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Apples, Music And Email

May 25, 2016

Do you like apples?

Yeah.

Well, I got her number. How do you like them apples?
– Good Will Hunting

Actually, I do like apples. I have one of those mini-fridges under my desk at work. I keep it stocked with milk, apples and baby carrots. (Don’t judge. It’s my fridge, not yours!) Fortunately, for me, I really like Red Delicious apples. I say fortunately, because they happen to be the cheapest apples. But, truth be told, I like most kinds of apples. 

Do you know who doesn’t like apples? Apparently grade school kids. But, what if you could make one small change and suddenly the kids would start eating them? This study found that just slicing the apples increased consumption by 70%. We could say that the kids are too lazy to cut their own apples, but that’s not the reason. Apparently the kids were put off by the aspect of taking the first bite. 

Researchers found if you could just get the kids to start eating them, then they would continue. This study made me think of my days as a corporate trainer. No, I didn’t share apples with the class. We handed out peanut M&Ms. But, during the labs, when people were supposed to be putting their skills into practice, it would get very, very quite. Like a tomb or the awkward time in church when the organ has quit playing, but before the bishop starts speaking. 

Simon and Garfunkle explained,

Fools said I you do not know, silence like a cancer grows.

(Okay, Distrubed did a version that is even cooler. But, the point is that silence breeds silence. But, I found if I disrupted that silence, even just a little bit, it would shatter like a light bulb on a tile floor. 

I found that I could put music on in the background and it would be enough to shatter the silence. Students didn’t even know that they were keeping quiet so as not to disturb the silence. But, the difference between doing a lab exercise with music vs one without was profound.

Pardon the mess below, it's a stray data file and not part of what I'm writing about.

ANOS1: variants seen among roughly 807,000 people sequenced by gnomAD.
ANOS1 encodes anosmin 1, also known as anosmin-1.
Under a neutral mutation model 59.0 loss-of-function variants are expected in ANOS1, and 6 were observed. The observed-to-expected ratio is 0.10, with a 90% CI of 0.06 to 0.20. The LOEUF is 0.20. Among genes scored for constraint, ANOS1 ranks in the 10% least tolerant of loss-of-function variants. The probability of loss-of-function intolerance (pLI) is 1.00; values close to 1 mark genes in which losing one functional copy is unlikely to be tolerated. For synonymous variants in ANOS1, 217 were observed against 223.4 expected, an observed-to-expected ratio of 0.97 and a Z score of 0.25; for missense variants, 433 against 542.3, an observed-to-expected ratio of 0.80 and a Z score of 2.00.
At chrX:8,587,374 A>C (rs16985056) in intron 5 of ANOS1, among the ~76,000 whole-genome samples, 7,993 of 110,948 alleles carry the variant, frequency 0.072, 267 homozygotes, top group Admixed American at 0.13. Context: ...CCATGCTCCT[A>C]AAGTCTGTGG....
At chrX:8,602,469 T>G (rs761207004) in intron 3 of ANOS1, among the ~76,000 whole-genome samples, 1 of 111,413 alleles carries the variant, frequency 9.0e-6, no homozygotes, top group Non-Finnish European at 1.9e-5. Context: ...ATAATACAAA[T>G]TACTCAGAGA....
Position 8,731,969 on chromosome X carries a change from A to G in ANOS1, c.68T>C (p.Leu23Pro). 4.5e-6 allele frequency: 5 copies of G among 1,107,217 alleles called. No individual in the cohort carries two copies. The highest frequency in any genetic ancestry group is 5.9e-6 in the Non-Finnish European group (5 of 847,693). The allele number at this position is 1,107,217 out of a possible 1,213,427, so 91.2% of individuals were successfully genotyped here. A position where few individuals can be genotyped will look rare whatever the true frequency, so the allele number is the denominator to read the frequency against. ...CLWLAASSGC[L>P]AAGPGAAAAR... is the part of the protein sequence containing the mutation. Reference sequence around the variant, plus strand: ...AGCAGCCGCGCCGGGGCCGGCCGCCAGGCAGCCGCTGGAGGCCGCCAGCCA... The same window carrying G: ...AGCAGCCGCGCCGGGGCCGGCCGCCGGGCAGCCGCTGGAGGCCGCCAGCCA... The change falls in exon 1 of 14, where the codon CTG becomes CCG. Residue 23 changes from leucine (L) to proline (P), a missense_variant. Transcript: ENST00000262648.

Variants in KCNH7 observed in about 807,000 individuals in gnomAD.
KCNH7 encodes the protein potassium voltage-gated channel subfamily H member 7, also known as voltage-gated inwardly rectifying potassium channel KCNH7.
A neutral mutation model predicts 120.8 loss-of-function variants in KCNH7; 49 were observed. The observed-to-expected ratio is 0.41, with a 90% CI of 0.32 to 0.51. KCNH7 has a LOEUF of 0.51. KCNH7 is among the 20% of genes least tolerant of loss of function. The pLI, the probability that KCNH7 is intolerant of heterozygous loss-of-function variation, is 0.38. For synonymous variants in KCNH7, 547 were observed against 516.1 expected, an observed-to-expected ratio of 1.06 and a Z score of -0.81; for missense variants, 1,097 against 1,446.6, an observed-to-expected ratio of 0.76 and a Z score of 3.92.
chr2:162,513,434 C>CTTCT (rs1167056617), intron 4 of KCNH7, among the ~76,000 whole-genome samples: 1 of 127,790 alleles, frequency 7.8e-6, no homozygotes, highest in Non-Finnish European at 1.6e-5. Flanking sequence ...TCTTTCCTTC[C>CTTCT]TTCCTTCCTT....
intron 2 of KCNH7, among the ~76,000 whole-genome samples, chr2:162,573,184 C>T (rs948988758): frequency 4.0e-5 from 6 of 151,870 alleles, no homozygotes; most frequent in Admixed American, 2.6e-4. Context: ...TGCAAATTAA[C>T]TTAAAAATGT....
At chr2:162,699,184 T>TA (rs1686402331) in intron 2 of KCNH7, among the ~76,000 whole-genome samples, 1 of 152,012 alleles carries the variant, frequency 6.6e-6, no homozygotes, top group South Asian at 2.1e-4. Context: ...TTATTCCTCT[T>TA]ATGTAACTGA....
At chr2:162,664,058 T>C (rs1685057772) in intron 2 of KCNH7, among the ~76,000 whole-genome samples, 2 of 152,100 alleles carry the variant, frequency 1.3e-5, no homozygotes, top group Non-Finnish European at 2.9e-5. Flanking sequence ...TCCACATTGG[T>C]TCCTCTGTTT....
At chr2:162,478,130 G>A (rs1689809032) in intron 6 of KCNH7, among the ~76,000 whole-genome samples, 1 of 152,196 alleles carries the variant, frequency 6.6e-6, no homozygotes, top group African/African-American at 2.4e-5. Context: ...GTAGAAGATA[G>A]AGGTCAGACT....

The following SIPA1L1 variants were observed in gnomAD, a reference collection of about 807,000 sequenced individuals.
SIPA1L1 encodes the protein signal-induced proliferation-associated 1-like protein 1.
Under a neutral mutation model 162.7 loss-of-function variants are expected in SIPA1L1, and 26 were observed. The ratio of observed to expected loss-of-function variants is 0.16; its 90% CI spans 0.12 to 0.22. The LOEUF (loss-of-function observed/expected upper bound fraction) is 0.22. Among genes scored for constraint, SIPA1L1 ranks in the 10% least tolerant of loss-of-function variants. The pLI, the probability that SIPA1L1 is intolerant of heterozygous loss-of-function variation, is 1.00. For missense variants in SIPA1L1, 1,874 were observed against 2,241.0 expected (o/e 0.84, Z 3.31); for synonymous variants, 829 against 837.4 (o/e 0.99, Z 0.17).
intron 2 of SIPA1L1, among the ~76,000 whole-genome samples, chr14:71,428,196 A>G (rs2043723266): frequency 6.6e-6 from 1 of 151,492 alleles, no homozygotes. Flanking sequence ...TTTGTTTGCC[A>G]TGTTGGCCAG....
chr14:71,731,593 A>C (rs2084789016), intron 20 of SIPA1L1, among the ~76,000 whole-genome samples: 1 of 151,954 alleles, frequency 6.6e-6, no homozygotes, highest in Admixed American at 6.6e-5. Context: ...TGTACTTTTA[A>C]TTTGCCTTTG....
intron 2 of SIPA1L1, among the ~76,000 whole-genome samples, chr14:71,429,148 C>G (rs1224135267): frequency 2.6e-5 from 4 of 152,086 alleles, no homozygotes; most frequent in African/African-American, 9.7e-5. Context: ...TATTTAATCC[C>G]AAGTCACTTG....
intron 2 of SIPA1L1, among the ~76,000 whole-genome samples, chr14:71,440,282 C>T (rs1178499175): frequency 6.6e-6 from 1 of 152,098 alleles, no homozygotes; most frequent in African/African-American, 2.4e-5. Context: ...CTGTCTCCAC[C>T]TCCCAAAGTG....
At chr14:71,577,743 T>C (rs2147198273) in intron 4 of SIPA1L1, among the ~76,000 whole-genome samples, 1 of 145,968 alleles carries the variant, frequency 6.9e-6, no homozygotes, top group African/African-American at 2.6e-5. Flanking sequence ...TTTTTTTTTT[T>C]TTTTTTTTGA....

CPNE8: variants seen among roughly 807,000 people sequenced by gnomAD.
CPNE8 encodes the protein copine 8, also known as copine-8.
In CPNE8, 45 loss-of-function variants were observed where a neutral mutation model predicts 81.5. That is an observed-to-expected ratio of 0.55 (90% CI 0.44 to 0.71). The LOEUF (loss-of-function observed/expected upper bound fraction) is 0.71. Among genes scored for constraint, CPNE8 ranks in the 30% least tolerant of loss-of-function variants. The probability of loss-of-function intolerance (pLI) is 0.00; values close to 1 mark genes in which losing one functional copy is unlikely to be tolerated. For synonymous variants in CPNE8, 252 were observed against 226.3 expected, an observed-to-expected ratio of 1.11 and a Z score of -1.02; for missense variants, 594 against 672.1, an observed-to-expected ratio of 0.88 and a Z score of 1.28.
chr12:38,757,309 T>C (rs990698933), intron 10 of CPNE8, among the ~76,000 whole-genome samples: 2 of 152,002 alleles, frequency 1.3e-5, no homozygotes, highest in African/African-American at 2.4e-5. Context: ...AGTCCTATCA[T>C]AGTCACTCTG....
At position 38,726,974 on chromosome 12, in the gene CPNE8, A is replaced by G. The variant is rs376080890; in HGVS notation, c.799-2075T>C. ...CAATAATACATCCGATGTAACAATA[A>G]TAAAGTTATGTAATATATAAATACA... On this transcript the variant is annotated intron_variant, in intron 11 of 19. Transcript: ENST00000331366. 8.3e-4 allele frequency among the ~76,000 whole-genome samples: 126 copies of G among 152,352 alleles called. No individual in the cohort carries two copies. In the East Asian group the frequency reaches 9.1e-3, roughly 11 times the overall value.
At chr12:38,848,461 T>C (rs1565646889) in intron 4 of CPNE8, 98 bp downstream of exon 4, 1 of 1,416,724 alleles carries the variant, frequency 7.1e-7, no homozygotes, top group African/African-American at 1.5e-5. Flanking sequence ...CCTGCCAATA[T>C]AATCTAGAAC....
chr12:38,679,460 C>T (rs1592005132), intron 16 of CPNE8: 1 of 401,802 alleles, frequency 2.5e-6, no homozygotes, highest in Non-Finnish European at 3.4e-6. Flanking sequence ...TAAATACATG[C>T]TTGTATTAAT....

At one point I was the manager of a team of engineers who maintained our email system. The email system was brand new and really expensive. (Yes, it was Microsoft Exchange, as many of my techy friends would have guessed based on the cost comment.) I started sending out status updates on the system as it came online. At first these reports were sent twice per day. We wanted to make sure our 30,000 system didn’t unexpectedly topple over because we missed a step. Later, I cut the reports back to once per day. And eventually back to once a week.

As the reporting period got spread out, I added content. I started reporting on all aspects of our team’s work. I highlighted engineers. I included historical graphs of our system performance. Before long, the report was many pages long.

Rodney, why don’t you just throw that report up on a SharePoint site and send out a link?”

It wouldn’t work.

What do you mean?

I mean that everyone reads this report. If I put it behind a link. Even asking people to click a single time means I would lose much of my audience.

And that’s what the kids and the apples teach us. We aren’t lazy, but we do tend to follow Newton’s laws of motion.

A body in motion tends to stay in motion

A body at rest tends to stay at rest.

It’s that first step that causes us the most effort. If we can get people moving, either by cutting apples, or playing music, or NOT hiding behind a link, they will keep going. It’s getting them started that is the key.

Rodney M Bliss is an author, columnist and IT Consultant. His blog updates every weekday at 7:00 AM Mountain Time. He lives in Pleasant Grove, UT with his lovely wife, thirteen children and grandchildren. 

Follow him on
Twitter (@rodneymbliss
Facebook (www.facebook.com/rbliss
LinkedIn (www.LinkedIn.com/in/rbliss)
or email him at rbliss at msn dot com

(c) 2016 Rodney M Bliss, all rights reserved 

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